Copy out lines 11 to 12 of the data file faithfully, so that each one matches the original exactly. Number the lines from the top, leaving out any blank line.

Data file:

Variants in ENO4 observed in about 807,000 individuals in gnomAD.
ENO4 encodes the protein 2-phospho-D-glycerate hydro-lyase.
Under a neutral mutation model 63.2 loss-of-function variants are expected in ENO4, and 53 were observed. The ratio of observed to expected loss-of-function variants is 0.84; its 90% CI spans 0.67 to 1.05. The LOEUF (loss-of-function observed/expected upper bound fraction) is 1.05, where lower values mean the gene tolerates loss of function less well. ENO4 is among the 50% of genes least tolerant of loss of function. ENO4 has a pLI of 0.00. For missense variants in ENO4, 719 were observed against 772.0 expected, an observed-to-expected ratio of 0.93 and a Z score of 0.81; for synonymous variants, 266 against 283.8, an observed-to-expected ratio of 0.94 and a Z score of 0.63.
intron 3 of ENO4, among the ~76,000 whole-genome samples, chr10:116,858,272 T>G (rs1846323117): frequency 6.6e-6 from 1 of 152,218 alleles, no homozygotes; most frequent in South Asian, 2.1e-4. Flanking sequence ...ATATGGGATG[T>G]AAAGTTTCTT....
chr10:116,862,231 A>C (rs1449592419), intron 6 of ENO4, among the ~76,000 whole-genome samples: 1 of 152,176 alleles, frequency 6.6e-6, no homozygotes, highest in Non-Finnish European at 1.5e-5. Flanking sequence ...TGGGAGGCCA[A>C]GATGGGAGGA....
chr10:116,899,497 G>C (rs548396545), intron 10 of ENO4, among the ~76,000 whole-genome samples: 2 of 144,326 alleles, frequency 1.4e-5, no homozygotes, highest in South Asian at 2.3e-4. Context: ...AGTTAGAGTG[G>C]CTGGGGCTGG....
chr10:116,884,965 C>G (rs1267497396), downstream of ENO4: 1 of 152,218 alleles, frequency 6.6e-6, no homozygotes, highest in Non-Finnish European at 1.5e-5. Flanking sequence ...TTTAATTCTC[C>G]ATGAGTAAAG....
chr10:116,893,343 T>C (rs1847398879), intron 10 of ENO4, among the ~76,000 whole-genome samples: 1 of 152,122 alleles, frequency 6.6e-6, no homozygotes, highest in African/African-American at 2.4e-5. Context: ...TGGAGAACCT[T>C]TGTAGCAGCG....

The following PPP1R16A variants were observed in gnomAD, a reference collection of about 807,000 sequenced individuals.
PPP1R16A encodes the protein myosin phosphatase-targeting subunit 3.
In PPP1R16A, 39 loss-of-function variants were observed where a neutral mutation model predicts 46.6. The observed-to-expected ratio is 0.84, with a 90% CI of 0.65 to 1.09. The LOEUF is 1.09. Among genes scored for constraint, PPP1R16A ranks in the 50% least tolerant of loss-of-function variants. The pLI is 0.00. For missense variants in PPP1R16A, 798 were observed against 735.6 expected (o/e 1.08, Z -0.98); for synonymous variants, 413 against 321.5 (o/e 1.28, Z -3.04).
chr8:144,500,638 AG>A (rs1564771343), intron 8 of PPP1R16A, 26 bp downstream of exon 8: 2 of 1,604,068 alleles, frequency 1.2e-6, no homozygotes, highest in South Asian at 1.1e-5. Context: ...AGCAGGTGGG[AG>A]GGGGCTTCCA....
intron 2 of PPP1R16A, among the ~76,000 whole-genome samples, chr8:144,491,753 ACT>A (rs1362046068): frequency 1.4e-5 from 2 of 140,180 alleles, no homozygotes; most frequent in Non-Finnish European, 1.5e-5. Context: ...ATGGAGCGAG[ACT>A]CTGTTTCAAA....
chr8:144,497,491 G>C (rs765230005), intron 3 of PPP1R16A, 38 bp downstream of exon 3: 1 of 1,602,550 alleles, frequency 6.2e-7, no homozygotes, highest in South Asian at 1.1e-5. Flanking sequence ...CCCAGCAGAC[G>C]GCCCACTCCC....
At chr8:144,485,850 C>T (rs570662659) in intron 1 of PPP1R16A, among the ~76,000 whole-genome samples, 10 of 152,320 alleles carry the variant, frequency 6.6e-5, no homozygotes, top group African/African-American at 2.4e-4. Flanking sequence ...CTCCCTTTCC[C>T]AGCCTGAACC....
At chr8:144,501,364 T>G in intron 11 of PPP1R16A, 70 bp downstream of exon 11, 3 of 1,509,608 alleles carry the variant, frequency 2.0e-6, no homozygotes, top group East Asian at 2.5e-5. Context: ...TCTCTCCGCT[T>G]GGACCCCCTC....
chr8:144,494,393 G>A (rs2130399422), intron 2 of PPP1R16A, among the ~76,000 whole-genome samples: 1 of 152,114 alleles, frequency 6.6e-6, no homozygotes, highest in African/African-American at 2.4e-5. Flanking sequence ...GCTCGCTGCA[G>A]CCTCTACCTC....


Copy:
In PPP1R16A, 39 loss-of-function variants were observed where a neutral mutation model predicts 46.6. The observed-to-expected ratio is 0.84, with a 90% CI of 0.65 to 1.09. The LOEUF is 1.09. Among genes scored for constraint, PPP1R16A ranks in the 50% least tolerant of loss-of-function variants. The pLI is 0.00. For missense variants in PPP1R16A, 798 were observed against 735.6 expected (o/e 1.08, Z -0.98); for synonymous variants, 413 against 321.5 (o/e 1.28, Z -3.04).
chr8:144,500,638 AG>A (rs1564771343), intron 8 of PPP1R16A, 26 bp downstream of exon 8: 2 of 1,604,068 alleles, frequency 1.2e-6, no homozygotes, highest in South Asian at 1.1e-5. Context: ...AGCAGGTGGG[AG>A]GGGGCTTCCA....